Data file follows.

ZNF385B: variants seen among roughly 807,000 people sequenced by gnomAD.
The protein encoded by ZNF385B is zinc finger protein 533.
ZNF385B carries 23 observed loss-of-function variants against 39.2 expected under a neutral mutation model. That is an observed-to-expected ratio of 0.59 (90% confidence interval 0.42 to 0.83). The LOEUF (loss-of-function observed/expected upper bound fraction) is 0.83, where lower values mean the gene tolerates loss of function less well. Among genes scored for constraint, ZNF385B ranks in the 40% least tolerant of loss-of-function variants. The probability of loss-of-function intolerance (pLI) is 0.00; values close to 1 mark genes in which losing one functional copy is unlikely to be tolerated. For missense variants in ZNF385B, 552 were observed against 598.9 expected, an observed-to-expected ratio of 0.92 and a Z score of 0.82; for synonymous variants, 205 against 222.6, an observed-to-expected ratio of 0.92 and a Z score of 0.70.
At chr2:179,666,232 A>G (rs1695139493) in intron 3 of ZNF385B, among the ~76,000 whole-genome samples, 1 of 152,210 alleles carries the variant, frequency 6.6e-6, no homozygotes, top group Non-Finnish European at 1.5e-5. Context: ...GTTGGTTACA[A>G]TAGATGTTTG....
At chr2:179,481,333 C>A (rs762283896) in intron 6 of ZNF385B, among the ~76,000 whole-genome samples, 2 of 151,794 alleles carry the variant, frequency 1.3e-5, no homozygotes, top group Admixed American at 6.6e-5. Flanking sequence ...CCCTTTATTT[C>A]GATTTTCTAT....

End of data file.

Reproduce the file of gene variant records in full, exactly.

ZNF385B: variants seen among roughly 807,000 people sequenced by gnomAD.
The protein encoded by ZNF385B is zinc finger protein 533.
ZNF385B carries 23 observed loss-of-function variants against 39.2 expected under a neutral mutation model. That is an observed-to-expected ratio of 0.59 (90% confidence interval 0.42 to 0.83). The LOEUF (loss-of-function observed/expected upper bound fraction) is 0.83, where lower values mean the gene tolerates loss of function less well. Among genes scored for constraint, ZNF385B ranks in the 40% least tolerant of loss-of-function variants. The probability of loss-of-function intolerance (pLI) is 0.00; values close to 1 mark genes in which losing one functional copy is unlikely to be tolerated. For missense variants in ZNF385B, 552 were observed against 598.9 expected, an observed-to-expected ratio of 0.92 and a Z score of 0.82; for synonymous variants, 205 against 222.6, an observed-to-expected ratio of 0.92 and a Z score of 0.70.
At chr2:179,666,232 A>G (rs1695139493) in intron 3 of ZNF385B, among the ~76,000 whole-genome samples, 1 of 152,210 alleles carries the variant, frequency 6.6e-6, no homozygotes, top group Non-Finnish European at 1.5e-5. Context: ...GTTGGTTACA[A>G]TAGATGTTTG....
At chr2:179,481,333 C>A (rs762283896) in intron 6 of ZNF385B, among the ~76,000 whole-genome samples, 2 of 151,794 alleles carry the variant, frequency 1.3e-5, no homozygotes, top group Admixed American at 6.6e-5. Flanking sequence ...CCCTTTATTT[C>A]GATTTTCTAT....